House Appropriators Advance FY22 Defense, Homeland Security Bills; Begins Consideration of Transportation Spending Bill
After advancing all twelve appropriations bills out of the Appropriations Committee this week, the full House will begin to consider the spending bills over the next two weeks.
House Democrats aim to pass a seven-bill appropriations package the last week of July, focusing on some of the most popular bills for Democrats and leaving the fate of defense spending unclear.
House members will vote the week of July 26 on a package that includes the Agriculture-FDA,, Energy and Water, Financial Services, Interior-Environment, Labor-HHS-Education, Military Construction-VA, and Transportation-HUD spending bills, House Majority Leader Steny Hoyer (D-MD) told lawmakers in a “dear colleague” letter.
Other appropriations bills may also get votes that week, Hoyer said. But there’s no specific plan for the Commerce-Justice-Science, Defense, Homeland Security, Legislative Branch, and State and Foreign Operations bills.
The decision to wait until the last week of July, rather than taking up a spending package next week, means members will only have one week before the August recess to vote on remaining spending bills, unless they push the start of recess back.
On Tuesday, the House Appropriations Committee voted 33-23 to advance its fiscal 2022 defense spending bill. The measure advanced to the full House after appropriators tacked on a pair of amendments that would roll back war powers enacted in the wake of the 9/11 attacks and ahead of the U.S. invasion of Iraq. Republican appropriators objected to a slew of provisions in the funding bill, but largely opposed the measure because it endorses the flatline Pentagon budget proposed by President Joe Biden. GOP defense hawks have been calling for a beefed up defense budget that boosts spending by 3 to 5 percent and criticized the Biden administration for proposing a military budget that doesn’t keep up with inflation.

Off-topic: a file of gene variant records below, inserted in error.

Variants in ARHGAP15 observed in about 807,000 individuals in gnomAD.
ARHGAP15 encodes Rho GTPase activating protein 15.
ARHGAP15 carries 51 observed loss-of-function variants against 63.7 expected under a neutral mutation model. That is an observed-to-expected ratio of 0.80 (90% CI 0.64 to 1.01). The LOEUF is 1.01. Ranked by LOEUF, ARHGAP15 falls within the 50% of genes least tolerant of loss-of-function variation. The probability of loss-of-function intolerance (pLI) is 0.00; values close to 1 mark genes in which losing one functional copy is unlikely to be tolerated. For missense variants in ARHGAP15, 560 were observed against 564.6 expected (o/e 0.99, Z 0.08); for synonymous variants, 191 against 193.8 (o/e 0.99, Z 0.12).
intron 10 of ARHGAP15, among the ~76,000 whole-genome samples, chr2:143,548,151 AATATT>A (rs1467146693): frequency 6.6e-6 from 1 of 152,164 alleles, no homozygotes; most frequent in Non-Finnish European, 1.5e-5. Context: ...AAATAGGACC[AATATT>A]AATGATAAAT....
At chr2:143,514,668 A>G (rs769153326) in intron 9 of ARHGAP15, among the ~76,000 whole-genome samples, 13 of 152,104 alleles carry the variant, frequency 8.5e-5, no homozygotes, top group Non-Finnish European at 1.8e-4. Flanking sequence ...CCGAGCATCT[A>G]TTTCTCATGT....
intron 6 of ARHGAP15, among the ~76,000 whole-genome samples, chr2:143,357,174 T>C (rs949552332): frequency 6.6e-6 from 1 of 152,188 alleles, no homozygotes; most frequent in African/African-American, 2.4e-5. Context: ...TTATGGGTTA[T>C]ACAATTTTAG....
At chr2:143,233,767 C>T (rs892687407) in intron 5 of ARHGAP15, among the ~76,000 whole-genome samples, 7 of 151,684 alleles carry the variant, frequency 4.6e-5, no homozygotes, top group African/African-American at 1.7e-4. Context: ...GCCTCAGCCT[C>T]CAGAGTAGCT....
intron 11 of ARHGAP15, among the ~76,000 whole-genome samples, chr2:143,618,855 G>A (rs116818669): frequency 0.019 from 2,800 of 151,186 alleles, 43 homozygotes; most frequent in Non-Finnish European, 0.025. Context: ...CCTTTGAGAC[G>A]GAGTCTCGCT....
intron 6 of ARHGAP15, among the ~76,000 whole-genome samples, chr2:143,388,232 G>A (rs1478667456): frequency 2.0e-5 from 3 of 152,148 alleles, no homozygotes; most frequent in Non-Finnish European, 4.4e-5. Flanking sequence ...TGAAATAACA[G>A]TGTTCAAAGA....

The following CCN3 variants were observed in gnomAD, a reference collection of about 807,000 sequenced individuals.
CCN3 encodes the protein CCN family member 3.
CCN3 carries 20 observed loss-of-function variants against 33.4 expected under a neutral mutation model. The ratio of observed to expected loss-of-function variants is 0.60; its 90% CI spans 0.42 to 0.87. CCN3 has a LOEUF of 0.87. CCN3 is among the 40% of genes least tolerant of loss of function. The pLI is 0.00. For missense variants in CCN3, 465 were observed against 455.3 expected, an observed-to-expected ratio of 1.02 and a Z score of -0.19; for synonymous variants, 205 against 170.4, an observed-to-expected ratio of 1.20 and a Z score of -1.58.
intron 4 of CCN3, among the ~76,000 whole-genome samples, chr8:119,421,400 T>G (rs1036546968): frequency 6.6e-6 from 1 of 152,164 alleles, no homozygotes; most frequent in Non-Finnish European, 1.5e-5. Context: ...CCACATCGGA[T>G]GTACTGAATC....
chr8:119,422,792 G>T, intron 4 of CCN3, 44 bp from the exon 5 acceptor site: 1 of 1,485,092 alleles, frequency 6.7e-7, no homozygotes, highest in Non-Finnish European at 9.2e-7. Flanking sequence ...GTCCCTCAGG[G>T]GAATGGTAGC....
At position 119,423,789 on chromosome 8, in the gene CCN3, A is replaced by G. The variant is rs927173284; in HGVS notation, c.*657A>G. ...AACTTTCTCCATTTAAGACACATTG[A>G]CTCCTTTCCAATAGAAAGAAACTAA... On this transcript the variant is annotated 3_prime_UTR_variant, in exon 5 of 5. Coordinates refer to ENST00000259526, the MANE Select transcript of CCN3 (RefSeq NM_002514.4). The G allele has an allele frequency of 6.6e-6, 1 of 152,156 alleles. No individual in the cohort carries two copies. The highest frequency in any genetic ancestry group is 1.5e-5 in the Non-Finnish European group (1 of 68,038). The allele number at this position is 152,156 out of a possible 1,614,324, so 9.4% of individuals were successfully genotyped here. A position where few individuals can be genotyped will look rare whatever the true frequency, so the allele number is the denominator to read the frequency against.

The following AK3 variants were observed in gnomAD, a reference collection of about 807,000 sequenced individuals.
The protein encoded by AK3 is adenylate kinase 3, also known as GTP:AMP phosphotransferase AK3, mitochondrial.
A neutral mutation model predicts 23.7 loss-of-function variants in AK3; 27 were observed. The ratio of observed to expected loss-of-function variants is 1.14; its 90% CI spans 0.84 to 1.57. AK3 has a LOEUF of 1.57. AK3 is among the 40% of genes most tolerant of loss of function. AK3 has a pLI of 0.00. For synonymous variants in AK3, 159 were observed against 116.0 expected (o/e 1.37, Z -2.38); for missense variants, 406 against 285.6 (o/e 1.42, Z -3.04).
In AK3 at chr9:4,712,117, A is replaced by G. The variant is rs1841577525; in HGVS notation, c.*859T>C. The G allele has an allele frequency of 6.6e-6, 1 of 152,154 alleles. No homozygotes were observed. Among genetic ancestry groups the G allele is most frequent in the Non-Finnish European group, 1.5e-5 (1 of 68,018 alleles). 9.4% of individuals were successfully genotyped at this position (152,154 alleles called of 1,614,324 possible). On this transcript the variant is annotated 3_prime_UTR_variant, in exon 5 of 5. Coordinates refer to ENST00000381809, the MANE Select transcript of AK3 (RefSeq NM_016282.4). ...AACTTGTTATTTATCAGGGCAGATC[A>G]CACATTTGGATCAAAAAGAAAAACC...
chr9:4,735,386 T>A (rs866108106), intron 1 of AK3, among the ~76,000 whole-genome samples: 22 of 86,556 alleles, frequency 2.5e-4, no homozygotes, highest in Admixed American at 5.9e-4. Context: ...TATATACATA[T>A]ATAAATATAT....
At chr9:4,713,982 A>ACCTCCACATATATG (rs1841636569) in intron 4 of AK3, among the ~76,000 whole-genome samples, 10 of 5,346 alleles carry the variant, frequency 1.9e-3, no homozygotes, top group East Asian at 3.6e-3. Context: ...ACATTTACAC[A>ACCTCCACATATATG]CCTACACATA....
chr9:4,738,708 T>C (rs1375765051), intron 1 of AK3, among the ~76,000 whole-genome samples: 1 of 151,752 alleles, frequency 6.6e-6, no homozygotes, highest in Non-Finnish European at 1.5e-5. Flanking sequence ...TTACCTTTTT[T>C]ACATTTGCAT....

The bill would allocate $706 billion for the Pentagon, in line with Biden’s budget proposal. The legislation would eliminate the Pentagon’s separate war account, known as the Overseas Contingency Operations account. The move to eliminate the account, which has been derided as a budget gimmick and used to evade caps on defense spending, was proposed by the Biden administration.
The bill provides $23.4 billion to purchase 8 ships including:
- 2 Virginia-class submarines
- 2 DDG-51 destroyers
- 1 FFG(X) Constellation-class frigate
- 1 TAO Fleet Oiler
- 1 T-AGOS Surtass Ship
- 1 T-ATS(X) Fleet Ocean Tug
Additionally, the bill provides $10.2 billion in ship depot maintenance dollars and funds the expansion of the OP,N pilot program on private ship repair.
A committee summary of the bill is here. The text of the bill, before the adoption of amendments in full Committee, is here. The bill report, before the adoption of amendments in full Committee, is here.
The SCA summary is available HERE
On Tuesday, July 13, 2021, the House Appropriations Committee voted 33-24 to advance their version of the FY22 Department of Homeland Security Funding bill. Overall, the bill provides $53 billion in funding for the department, including $1.8 billion in the Procurement, Construction and Improvement Accounts for the U.S. Coast Guard. SCA’s summary of the bill is below.
The text of the bill, before the adoption of amendments in full Committee, is here. The bill report, before the adoption of amendments in full Committee, is here.
Although House Democrats are expected to consider many of their fiscal 2022 spending bills on the floor this month, the Homeland Security measure is unlikely to get a vote because of the politics around immigration and other border issues.
View the SCA Summary: SCA Summary_FY22 HAC DHS Mark
On Friday morning, the House Appropriations Committee will consider the FY22 spending bill to fund the Department of Transportation, Housing and related agencies. According to a committee report of the bill, before amendments, the bill would invest inc critical infrastructure including airports, highways, transit, passenger rail, and port systems.
The bill provides $315 million for the fifth National Security Multi-Mission Vessel (NSMV), $20 million for the Small Shipyard Assistance Grant program and $300,000 for port infrastructure development.
The SCA summary can be viewed HERE.
The bill report is here. The text of the draft bill is here. A committee summary of the bill is here.